Michael Wolf is a German artist and photographer well known for his sensible way of portraying the modern life of people living in big cities. He has been living between Paris and Hong Kong for a while and by taking inspiration from the lifestyle of these two huge cities, his new work comes to life. We had the opportunity to check out his new exhibition called Life in the cities on Fondazione delle Stelline in Milan, just right next to our office (!). It is the first retrospective exhibition dedicated to Michael Wolf in Italy, in collaboration with The Hague Museum of Photography. The exhibition is mainly divided in five parts: The Transparent City, Tokyo Compression, Paris Rooftops, Informal Solution, Architecture of Density. Here’s some of our favorite pieces:
The Transparent City (2006) tells the complexity of living in Chicago and transparency of the city's architecture and skyscrapers. All through the eyes of the photographer who has lived many years in Hong Kong, getting used to tall buildings, but with a definitely different landscape. There are many details he accidentally found while taking the photos that he chose to enlarge such as human details, pixelated portraits and blurred scenes, which are part of the sister series Transparent City Details (2006). This way, he was able to divide the project between microscope and telescope modes, the part and the whole.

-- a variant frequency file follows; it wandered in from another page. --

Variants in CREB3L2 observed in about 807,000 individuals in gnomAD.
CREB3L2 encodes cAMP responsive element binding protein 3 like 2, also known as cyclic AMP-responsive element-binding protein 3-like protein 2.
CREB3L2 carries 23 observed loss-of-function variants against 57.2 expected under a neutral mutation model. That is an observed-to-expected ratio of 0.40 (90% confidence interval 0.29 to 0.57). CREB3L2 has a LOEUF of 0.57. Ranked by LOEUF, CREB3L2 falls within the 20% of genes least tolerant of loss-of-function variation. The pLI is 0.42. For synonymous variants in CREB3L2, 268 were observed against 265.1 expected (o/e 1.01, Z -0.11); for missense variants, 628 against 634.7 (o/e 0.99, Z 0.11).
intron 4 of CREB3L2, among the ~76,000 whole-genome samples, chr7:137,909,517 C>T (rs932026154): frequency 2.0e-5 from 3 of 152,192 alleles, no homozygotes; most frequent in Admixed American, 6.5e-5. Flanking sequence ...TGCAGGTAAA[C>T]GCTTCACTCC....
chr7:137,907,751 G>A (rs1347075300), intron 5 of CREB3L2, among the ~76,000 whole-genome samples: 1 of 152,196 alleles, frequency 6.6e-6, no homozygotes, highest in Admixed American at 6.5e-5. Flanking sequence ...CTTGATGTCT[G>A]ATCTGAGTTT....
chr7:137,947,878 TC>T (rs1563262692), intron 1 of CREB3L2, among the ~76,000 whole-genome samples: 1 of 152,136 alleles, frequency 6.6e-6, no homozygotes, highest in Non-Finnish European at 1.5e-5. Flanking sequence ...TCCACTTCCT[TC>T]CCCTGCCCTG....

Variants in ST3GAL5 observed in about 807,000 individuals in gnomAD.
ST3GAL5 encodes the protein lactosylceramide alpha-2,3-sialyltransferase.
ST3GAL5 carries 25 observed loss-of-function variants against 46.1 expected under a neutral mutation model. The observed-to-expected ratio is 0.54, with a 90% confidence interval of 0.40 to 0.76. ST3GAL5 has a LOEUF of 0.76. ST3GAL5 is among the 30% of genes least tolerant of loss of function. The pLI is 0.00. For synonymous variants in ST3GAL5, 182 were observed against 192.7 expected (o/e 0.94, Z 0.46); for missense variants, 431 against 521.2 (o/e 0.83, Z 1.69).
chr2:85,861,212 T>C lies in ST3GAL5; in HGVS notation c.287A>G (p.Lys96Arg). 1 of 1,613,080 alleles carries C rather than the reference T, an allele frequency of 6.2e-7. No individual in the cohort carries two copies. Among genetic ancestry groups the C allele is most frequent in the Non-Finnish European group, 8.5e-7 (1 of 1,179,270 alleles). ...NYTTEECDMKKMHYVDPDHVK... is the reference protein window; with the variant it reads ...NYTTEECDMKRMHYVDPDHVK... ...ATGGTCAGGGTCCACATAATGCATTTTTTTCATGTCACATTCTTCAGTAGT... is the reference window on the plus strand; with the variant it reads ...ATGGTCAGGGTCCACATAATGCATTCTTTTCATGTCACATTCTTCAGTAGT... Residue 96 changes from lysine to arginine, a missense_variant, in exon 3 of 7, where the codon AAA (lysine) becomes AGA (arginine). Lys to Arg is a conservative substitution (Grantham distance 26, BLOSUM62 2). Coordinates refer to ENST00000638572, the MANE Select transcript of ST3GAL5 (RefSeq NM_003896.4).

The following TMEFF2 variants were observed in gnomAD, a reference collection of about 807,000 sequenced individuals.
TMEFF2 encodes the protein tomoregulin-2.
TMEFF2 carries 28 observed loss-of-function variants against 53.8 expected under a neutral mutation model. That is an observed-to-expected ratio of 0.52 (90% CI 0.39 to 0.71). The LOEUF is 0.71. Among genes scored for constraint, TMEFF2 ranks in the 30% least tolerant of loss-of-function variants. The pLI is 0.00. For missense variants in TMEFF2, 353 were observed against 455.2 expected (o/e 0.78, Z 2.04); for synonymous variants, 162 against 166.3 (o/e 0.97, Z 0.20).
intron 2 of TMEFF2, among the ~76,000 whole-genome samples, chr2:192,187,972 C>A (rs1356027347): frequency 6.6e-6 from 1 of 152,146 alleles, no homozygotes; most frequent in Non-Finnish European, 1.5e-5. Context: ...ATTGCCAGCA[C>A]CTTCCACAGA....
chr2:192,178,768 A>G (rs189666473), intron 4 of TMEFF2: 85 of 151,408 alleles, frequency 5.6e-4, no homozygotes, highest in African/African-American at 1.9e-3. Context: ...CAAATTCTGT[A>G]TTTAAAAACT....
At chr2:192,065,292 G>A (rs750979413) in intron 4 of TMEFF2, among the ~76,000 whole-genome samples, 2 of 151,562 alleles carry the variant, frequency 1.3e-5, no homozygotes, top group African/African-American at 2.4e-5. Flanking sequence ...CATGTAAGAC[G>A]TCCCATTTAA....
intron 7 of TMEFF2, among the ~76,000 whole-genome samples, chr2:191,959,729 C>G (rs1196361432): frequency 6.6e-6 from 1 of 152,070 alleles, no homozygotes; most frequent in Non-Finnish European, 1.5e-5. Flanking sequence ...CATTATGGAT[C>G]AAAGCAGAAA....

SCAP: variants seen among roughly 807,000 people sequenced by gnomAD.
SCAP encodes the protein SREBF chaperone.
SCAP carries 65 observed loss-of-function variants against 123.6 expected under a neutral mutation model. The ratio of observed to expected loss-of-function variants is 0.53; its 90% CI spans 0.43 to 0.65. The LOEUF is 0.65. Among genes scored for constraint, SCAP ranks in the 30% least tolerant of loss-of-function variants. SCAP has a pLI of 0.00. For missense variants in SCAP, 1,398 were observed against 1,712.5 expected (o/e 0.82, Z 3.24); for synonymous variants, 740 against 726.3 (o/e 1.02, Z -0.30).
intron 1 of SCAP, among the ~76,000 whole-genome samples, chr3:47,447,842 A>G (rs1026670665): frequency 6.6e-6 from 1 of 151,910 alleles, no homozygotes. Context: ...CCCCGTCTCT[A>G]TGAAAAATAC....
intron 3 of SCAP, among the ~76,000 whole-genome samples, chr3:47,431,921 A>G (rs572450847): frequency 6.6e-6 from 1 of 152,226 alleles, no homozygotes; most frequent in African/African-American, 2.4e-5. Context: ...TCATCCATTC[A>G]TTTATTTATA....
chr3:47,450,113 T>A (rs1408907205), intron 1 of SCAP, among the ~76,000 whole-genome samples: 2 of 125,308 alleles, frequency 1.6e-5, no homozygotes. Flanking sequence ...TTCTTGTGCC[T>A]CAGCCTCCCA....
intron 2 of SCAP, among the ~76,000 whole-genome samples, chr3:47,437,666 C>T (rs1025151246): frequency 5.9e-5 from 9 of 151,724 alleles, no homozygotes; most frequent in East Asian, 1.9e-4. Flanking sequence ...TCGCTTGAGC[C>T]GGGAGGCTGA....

Tokyo Compression (2010-2013) is one of his most famous series and has been critically acclaimed around the world. He pushes the issues of privacy and voyeurism to the extreme aiming the camera at anonymous passengers of Tokyo subway, coping with overcrowded trains. The public transportation of the Tokyo is known for its overcrowding problems and commuters suffer it everyday. There are in fact people that work exclusively to help people fit inside carriages during peak times. Here the photographic density style Wolf is known for plays not with the façades of skyscrapers, but with human faces pressed against the subway windows.
Another beautiful series by Wolf is Paris Rooftops (2014), with a room exclusively dedicated to it. It depicts Paris as we have never seen it before, playing with how the city can be abstract in a certain perspective. His visual cuts help create a flattening perspective where the buildings become abstract patterns and the viewer can’t seem to find the end of them. Maybe it's a homage to Fontana’s flattening style? Who knows. We just love it!